Charity Golf Network

Your source for information about hosting a charity golf tournament.

CGN member Nina Renaud and I were swapping ideas and I asked her if I could post our discussion where everybody could read it.  Here it is:

A charity tournament is a flipping amateur event, and I can't believe how many morons post "advice" that publicizing big prizes for the winners will attract players. What that does is attract cheaters and sandbaggers, and guarantee speculation, if not outright accusations and complaints, about rules violations, creative scorekeeping, team-stacking, unfair handicapping, or all of the above, at the banquet. Not to mention that such talk harms the charity's reputation, and makes it more difficult to recruit players the following year.


That goes at least double if the "goodie bag" that all players receive was a plastic sack with some donated trinkets and coupons no one will ever use. Amateur golfers who respect the rules play for the honor of winning. And planners need to realize that there is very little correlation between the value of supporters and donors to their cause and their golf skills or performance on the course on any given day.

You will not hear complaints about cheating if you put at least one nice gift in the goodie bag every player receives just for registering and supporting your cause, award the winners symbolic prizes, and use all donations of real value to generate additional proceeds for the charity. Auction those off, or use them to help sell tickets for a prize drawing. Everyone will feel like a winner - who had a fair chance of being a big winner.


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I talk about that in my book. Nothing will wreck the camaraderie and good-time-had-by-all of a charity golf tournament faster than cash or big prizes. It is a sad truth that many golfers are not entirely honest people and will cheat like bandits if there is an incentive to do so. Whoever wins the tournament, there will be some grousing about their having cheated or brought a "ringer" onto their team or something like that. If there's money involved, the grousing gets nasty and someone inevitably blames the cheating on the charity.

Like Nina said, put a nice quality golf shirt and hat in the bag - something that is a hot brand of shirt and of good lasting quality. That way your charity and your tournament get advertised at golf courses all over the area, because the golfers will wear your gear if it's good stuff.

How do you pay for these high priced goodies? Sponsors, of course!

Amen Nina!

Allow me to draw a little extra attention to what Nina said about fund raising tournaments NOT being about a hard core golf competition. It's about a day of relationship building between supporters, potential new supporters and an organization that makes a difference because of their support. The golf competition and skill level of the players is coincidental. It is best (for the organization) to keep it that way, too.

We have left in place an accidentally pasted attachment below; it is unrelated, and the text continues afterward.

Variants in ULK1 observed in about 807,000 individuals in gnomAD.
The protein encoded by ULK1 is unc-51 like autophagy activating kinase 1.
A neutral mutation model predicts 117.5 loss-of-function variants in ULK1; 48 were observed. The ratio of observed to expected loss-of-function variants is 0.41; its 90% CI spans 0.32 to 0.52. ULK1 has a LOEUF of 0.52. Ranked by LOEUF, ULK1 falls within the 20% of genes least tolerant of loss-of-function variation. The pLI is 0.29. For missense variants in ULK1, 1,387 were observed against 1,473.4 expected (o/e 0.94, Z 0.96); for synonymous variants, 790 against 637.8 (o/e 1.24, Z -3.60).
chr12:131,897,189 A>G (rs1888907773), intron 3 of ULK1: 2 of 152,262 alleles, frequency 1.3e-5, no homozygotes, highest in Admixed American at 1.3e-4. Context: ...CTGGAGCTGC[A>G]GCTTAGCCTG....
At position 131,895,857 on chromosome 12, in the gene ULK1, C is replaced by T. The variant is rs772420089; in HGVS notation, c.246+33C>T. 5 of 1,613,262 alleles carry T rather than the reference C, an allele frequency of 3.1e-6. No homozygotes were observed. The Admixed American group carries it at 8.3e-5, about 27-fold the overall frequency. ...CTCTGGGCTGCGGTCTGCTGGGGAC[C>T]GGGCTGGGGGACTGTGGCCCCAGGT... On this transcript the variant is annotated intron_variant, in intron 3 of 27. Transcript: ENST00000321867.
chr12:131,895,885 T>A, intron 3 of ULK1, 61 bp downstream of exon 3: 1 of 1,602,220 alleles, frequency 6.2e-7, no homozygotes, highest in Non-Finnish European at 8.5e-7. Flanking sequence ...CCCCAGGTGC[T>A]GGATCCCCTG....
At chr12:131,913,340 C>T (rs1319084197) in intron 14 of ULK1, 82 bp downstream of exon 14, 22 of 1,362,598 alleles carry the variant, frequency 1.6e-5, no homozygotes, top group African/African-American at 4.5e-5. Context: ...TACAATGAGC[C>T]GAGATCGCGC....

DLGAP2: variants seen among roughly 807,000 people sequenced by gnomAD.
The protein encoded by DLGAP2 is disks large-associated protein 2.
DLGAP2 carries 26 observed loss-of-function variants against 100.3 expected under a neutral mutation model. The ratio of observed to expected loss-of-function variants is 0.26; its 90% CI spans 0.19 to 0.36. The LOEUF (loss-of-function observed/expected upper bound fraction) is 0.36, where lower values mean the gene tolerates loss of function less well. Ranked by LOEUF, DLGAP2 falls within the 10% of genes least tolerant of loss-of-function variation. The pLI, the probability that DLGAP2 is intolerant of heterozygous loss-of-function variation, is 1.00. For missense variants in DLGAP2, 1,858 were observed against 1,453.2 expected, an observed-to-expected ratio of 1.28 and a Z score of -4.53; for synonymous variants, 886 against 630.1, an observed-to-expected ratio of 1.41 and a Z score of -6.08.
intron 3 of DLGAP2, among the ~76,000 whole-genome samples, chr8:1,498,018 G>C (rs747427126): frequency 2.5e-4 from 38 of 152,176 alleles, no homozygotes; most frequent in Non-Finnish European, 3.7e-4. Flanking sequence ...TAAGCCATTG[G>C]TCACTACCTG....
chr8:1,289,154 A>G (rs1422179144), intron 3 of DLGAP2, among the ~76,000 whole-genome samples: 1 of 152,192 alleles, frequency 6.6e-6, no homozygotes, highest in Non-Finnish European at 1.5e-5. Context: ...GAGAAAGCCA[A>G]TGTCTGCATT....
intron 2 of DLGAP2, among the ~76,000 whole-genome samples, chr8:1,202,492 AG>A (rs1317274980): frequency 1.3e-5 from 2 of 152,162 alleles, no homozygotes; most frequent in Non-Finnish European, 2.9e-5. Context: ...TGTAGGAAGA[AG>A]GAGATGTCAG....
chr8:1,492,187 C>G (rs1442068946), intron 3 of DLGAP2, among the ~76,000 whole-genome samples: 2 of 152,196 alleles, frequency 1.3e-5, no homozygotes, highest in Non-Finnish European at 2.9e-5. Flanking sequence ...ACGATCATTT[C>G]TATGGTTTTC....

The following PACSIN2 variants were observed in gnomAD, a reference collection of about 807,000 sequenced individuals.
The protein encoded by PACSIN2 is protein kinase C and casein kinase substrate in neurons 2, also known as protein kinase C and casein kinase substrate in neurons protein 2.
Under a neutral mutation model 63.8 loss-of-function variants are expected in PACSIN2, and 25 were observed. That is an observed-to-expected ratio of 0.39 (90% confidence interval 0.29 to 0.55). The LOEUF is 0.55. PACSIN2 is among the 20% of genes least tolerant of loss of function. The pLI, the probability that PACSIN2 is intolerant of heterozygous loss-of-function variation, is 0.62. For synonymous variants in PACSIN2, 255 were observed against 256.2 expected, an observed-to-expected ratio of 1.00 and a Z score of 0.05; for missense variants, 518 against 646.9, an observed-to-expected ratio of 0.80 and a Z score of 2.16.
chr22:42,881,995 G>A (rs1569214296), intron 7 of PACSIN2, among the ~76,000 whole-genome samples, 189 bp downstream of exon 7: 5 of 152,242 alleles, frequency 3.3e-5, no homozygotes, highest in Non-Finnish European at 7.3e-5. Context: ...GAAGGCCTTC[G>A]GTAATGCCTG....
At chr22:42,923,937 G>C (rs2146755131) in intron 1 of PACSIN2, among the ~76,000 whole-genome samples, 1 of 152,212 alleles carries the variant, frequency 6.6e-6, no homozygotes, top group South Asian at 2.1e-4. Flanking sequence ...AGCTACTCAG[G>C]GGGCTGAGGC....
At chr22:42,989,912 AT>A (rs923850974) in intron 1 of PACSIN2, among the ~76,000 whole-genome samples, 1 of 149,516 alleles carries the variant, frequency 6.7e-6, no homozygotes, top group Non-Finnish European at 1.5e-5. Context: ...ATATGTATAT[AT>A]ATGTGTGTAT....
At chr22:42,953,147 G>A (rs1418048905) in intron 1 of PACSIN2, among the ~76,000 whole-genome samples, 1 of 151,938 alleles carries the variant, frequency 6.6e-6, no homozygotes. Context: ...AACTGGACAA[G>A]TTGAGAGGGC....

The day of the tournament is a day to keep an eye out for potential new committee members and / or new board members. If the focus of the tournament committee and organization's staff is on creating THAT kind of atmosphere -- while maximizing the stink out of the income -- we end up with a darn good day!

Can't overestimate the importance of using your golf tournament to prospect for serious donors - the kind that can put a million bucks into your capital campaign and not blink. We had this one guy one year, didn't seem much of a much. He used to teach elderly society matrons to do the Cha-Cha at a local dance studio. Turns out he married the unhappy wife of one of the towns really big deal guys. Her piece of the conjugal pie (and by association our dancer friend's) was so huge they had to give away 40 million just before Christmas last year to avoid a bunch of taxes. Forty mill in 30 days. Mind boggling!

On reflection, somebody should have been following him around polishing his clubs for him.

Whew! You never know who's going to show up.
Great story, Tom. Guess you missed the boat on polishing his clubs - but you might invite him to serve as "honorary chair" for your next tournament.
You hit the nail on the head, Tad. We call charity events "tournaments" and organize them as competitions because most players expect it, and many enjoy it, but they're not about competition. We don't hold tournaments to find out who plays well, and who doesn't. We hold them to raise money and awareness for a cause, build relationships, and show the players a good time. Big prizes don't promote any of those goals - they're more likely to defeat them.
Those looking for "hard core golf competition" should look to organizations like state golf associations that do hold tournaments for the purpose of determining who best performs on the course. They still won't be winning any cash or valuable prizes, though. USGA rules prohibit them in amateur competition. In fact, any player who accepts a cash prize of any amount, or merchandise worth over $750 at retail, in a golf competition automatically becomes a professional.
Good point. I forgot about that, but it's true. If you offer cash prizes, you can mess up a golfer's amateur standing and make him ineligible for certain tournaments.

Thanks Nina.


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